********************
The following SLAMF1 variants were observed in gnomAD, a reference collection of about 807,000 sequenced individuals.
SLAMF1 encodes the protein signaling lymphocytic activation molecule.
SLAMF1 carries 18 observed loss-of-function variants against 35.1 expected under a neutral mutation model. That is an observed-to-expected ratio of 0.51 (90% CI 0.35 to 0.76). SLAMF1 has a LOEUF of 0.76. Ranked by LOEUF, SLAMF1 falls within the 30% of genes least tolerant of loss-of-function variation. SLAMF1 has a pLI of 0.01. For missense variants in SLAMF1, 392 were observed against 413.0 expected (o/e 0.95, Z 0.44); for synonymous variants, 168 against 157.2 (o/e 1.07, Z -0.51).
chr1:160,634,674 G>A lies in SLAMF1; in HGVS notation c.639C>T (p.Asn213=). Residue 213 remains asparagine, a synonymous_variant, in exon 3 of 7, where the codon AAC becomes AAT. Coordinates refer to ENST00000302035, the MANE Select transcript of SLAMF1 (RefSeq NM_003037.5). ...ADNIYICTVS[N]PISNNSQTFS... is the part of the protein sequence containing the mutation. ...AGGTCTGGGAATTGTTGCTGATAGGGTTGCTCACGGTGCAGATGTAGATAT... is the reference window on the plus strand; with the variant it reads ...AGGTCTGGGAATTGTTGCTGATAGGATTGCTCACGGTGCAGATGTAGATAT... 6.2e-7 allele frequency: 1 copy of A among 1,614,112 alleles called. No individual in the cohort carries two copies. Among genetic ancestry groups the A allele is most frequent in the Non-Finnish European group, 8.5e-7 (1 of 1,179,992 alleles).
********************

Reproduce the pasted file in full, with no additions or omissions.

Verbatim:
The following SLAMF1 variants were observed in gnomAD, a reference collection of about 807,000 sequenced individuals.
SLAMF1 encodes the protein signaling lymphocytic activation molecule.
SLAMF1 carries 18 observed loss-of-function variants against 35.1 expected under a neutral mutation model. That is an observed-to-expected ratio of 0.51 (90% CI 0.35 to 0.76). SLAMF1 has a LOEUF of 0.76. Ranked by LOEUF, SLAMF1 falls within the 30% of genes least tolerant of loss-of-function variation. SLAMF1 has a pLI of 0.01. For missense variants in SLAMF1, 392 were observed against 413.0 expected (o/e 0.95, Z 0.44); for synonymous variants, 168 against 157.2 (o/e 1.07, Z -0.51).
chr1:160,634,674 G>A lies in SLAMF1; in HGVS notation c.639C>T (p.Asn213=). Residue 213 remains asparagine, a synonymous_variant, in exon 3 of 7, where the codon AAC becomes AAT. Coordinates refer to ENST00000302035, the MANE Select transcript of SLAMF1 (RefSeq NM_003037.5). ...ADNIYICTVS[N]PISNNSQTFS... is the part of the protein sequence containing the mutation. ...AGGTCTGGGAATTGTTGCTGATAGGGTTGCTCACGGTGCAGATGTAGATAT... is the reference window on the plus strand; with the variant it reads ...AGGTCTGGGAATTGTTGCTGATAGGATTGCTCACGGTGCAGATGTAGATAT... 6.2e-7 allele frequency: 1 copy of A among 1,614,112 alleles called. No individual in the cohort carries two copies. Among genetic ancestry groups the A allele is most frequent in the Non-Finnish European group, 8.5e-7 (1 of 1,179,992 alleles).